211050 Elevated lead in blood from lead in drinking water

Monday, November 9, 2009: 4:30 PM

Simoni Triantafyllidou , Department of Civil and Environmental Engineering, Virginia Tech, Blacksburg, VA
This presentation will address the public health risk associated with consumption of lead-contaminated drinking water. A topic of great controversy, the contribution of drinking water lead to blood lead is receiving renewed interest from US public health agencies. This talk will emphasize chronic as well as acute health effects for the most sensitive population groups (infants, young children, pregnant or nursing women). It will summarize current knowledge on the connection between lead in water and lead in blood. At the same time, it will illustrate gaps and misconceptions that allowed cases of waterborne lead blood poisoning to go undetected. For example, an obvious implication due to insufficient sampling at hazardous taps is that correlations of water lead with health risks are often missed. This, combined with underestimation of lead-in-water potential bioavailability and toxicity, as well as improper medical diagnosis and other factors, has created the notion that drinking water lead is a minor source of elevated blood lead in children. Re-evaluation of the public health risk from lead in water is imperative, considering discussion in US EPA for major revisions of the Lead and Copper Rule, discussion in CDC on lowering the blood lead level of concern, and the goal of eliminating all incidences of elevated blood lead in US children by 2010.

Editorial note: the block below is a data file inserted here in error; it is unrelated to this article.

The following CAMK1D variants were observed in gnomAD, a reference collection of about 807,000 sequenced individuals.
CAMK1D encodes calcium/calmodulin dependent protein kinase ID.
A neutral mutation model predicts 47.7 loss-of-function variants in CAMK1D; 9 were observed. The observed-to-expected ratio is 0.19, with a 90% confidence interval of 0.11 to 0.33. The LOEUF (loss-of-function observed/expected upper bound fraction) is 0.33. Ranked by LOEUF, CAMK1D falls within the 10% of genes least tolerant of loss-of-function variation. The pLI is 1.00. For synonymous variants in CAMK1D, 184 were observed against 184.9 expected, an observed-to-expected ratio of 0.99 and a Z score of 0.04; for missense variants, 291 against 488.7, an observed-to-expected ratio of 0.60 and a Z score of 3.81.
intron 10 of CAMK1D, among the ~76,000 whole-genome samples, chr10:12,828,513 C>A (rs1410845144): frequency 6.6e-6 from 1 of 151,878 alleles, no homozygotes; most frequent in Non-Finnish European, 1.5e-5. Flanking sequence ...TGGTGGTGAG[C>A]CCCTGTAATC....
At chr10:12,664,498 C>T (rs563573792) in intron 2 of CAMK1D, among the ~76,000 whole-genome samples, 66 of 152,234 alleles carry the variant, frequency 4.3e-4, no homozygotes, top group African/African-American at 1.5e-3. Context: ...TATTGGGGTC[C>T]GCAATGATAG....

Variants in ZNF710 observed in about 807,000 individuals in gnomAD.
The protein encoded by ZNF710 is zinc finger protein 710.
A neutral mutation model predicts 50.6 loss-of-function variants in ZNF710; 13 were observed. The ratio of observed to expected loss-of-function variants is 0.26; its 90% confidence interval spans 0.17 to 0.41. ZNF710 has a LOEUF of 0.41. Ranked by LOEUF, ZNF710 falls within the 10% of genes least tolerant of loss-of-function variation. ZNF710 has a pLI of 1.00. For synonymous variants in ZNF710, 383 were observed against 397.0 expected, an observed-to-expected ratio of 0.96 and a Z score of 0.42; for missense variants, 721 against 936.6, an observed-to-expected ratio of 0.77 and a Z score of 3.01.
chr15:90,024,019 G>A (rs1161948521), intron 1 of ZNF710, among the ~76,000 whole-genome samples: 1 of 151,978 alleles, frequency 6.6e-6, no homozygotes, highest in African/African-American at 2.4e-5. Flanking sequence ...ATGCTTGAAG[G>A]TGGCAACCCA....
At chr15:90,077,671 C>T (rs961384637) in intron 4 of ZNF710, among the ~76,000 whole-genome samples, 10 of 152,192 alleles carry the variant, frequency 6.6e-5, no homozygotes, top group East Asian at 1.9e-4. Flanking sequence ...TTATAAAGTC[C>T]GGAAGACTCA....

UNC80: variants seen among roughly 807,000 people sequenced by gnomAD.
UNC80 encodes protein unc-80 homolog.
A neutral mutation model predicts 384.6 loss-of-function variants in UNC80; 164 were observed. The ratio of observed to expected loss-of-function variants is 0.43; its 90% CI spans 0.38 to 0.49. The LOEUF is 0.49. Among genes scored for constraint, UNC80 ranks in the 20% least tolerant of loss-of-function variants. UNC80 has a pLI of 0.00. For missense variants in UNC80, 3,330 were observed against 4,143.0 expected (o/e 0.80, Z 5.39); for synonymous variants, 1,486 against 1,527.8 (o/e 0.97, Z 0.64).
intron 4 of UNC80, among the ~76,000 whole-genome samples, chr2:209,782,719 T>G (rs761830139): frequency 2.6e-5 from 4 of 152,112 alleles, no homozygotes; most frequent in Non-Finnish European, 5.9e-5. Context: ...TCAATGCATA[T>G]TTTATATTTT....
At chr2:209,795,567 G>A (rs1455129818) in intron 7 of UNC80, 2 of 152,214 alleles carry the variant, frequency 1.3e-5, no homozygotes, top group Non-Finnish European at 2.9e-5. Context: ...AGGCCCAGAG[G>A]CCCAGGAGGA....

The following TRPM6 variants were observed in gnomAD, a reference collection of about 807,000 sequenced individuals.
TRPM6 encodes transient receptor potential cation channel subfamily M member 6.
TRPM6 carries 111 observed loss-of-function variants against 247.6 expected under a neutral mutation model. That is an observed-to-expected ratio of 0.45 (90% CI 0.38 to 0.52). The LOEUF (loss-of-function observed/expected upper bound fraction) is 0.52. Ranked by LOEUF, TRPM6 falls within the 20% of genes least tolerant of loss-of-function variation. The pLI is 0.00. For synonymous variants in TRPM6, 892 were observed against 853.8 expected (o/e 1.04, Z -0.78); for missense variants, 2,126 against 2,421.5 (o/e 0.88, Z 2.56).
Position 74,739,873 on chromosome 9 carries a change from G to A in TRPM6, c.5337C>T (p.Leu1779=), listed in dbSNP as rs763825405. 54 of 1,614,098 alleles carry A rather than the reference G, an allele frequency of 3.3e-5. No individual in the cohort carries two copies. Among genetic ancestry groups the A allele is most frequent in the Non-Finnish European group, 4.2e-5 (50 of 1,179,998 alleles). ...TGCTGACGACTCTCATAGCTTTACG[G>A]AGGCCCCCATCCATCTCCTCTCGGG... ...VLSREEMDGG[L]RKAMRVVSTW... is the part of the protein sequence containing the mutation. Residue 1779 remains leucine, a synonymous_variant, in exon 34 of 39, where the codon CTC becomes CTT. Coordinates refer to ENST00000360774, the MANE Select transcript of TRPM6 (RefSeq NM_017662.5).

Learning Objectives:
Discuss research that emphasizes the impacts of lead in water on the health of sensitive population groups

Keywords: Lead, Public Health

Presenting author's disclosure statement:

Qualified on the content I am responsible for because: as an environmental engineer I have accumulated more than 3 years of research experience on this topic (MS studies and now PhD studies), examining lead corrosion of drinking water plumbing as it affects drinking water quality and public health. I have authored and co-authored several publications on various scientific aspects of this problem (most recent one in "Environmental Science and Technology" journal, regarding the association between lead in water and lead in blood for Washington DC children.)
Any relevant financial relationships? No

I agree to comply with the American Public Health Association Conflict of Interest and Commercial Support Guidelines, and to disclose to the participants any off-label or experimental uses of a commercial product or service discussed in my presentation.